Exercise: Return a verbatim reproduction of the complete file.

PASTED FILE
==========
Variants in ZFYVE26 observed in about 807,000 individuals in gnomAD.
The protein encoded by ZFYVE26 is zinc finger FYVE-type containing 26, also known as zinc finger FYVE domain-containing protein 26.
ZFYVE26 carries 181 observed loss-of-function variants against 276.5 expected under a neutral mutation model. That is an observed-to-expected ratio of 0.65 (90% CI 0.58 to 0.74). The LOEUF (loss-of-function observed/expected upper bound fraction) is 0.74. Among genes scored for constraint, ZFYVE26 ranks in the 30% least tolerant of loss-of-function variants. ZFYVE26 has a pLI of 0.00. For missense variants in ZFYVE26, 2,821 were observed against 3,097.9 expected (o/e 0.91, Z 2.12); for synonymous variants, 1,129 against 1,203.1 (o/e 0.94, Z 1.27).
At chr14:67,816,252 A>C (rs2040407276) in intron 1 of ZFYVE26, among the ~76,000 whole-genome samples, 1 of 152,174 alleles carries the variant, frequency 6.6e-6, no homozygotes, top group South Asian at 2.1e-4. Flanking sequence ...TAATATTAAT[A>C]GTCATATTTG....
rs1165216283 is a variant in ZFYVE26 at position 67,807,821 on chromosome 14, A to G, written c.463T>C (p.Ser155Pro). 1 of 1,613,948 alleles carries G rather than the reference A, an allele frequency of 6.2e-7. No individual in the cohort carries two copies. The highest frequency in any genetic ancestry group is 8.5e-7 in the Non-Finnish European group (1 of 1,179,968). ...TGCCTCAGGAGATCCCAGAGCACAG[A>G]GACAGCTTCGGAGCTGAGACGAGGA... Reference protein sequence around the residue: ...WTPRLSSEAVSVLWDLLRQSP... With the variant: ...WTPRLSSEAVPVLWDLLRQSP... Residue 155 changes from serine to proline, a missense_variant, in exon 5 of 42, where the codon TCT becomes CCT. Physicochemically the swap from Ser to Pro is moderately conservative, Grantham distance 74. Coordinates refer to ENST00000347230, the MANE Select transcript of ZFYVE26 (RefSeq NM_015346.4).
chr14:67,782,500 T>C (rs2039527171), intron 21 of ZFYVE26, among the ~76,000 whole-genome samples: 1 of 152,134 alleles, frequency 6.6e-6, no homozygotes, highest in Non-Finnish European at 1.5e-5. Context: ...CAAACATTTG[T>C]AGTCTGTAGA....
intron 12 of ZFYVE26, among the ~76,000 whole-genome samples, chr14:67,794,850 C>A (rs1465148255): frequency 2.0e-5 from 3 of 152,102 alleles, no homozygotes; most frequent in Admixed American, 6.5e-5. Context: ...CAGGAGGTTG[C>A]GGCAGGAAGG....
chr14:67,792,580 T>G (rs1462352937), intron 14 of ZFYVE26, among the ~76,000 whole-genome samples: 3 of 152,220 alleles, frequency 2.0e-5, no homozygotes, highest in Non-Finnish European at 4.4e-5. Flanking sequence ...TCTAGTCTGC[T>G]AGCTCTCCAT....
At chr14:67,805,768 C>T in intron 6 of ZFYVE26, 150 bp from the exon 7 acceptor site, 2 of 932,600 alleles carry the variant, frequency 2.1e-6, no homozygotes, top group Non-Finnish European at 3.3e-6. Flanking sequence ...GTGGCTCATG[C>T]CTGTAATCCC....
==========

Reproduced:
Variants in ZFYVE26 observed in about 807,000 individuals in gnomAD.
The protein encoded by ZFYVE26 is zinc finger FYVE-type containing 26, also known as zinc finger FYVE domain-containing protein 26.
ZFYVE26 carries 181 observed loss-of-function variants against 276.5 expected under a neutral mutation model. That is an observed-to-expected ratio of 0.65 (90% CI 0.58 to 0.74). The LOEUF (loss-of-function observed/expected upper bound fraction) is 0.74. Among genes scored for constraint, ZFYVE26 ranks in the 30% least tolerant of loss-of-function variants. ZFYVE26 has a pLI of 0.00. For missense variants in ZFYVE26, 2,821 were observed against 3,097.9 expected (o/e 0.91, Z 2.12); for synonymous variants, 1,129 against 1,203.1 (o/e 0.94, Z 1.27).
At chr14:67,816,252 A>C (rs2040407276) in intron 1 of ZFYVE26, among the ~76,000 whole-genome samples, 1 of 152,174 alleles carries the variant, frequency 6.6e-6, no homozygotes, top group South Asian at 2.1e-4. Flanking sequence ...TAATATTAAT[A>C]GTCATATTTG....
rs1165216283 is a variant in ZFYVE26 at position 67,807,821 on chromosome 14, A to G, written c.463T>C (p.Ser155Pro). 1 of 1,613,948 alleles carries G rather than the reference A, an allele frequency of 6.2e-7. No individual in the cohort carries two copies. The highest frequency in any genetic ancestry group is 8.5e-7 in the Non-Finnish European group (1 of 1,179,968). ...TGCCTCAGGAGATCCCAGAGCACAG[A>G]GACAGCTTCGGAGCTGAGACGAGGA... Reference protein sequence around the residue: ...WTPRLSSEAVSVLWDLLRQSP... With the variant: ...WTPRLSSEAVPVLWDLLRQSP... Residue 155 changes from serine to proline, a missense_variant, in exon 5 of 42, where the codon TCT becomes CCT. Physicochemically the swap from Ser to Pro is moderately conservative, Grantham distance 74. Coordinates refer to ENST00000347230, the MANE Select transcript of ZFYVE26 (RefSeq NM_015346.4).
chr14:67,782,500 T>C (rs2039527171), intron 21 of ZFYVE26, among the ~76,000 whole-genome samples: 1 of 152,134 alleles, frequency 6.6e-6, no homozygotes, highest in Non-Finnish European at 1.5e-5. Context: ...CAAACATTTG[T>C]AGTCTGTAGA....
intron 12 of ZFYVE26, among the ~76,000 whole-genome samples, chr14:67,794,850 C>A (rs1465148255): frequency 2.0e-5 from 3 of 152,102 alleles, no homozygotes; most frequent in Admixed American, 6.5e-5. Context: ...CAGGAGGTTG[C>A]GGCAGGAAGG....
chr14:67,792,580 T>G (rs1462352937), intron 14 of ZFYVE26, among the ~76,000 whole-genome samples: 3 of 152,220 alleles, frequency 2.0e-5, no homozygotes, highest in Non-Finnish European at 4.4e-5. Flanking sequence ...TCTAGTCTGC[T>G]AGCTCTCCAT....
At chr14:67,805,768 C>T in intron 6 of ZFYVE26, 150 bp from the exon 7 acceptor site, 2 of 932,600 alleles carry the variant, frequency 2.1e-6, no homozygotes, top group Non-Finnish European at 3.3e-6. Flanking sequence ...GTGGCTCATG[C>T]CTGTAATCCC....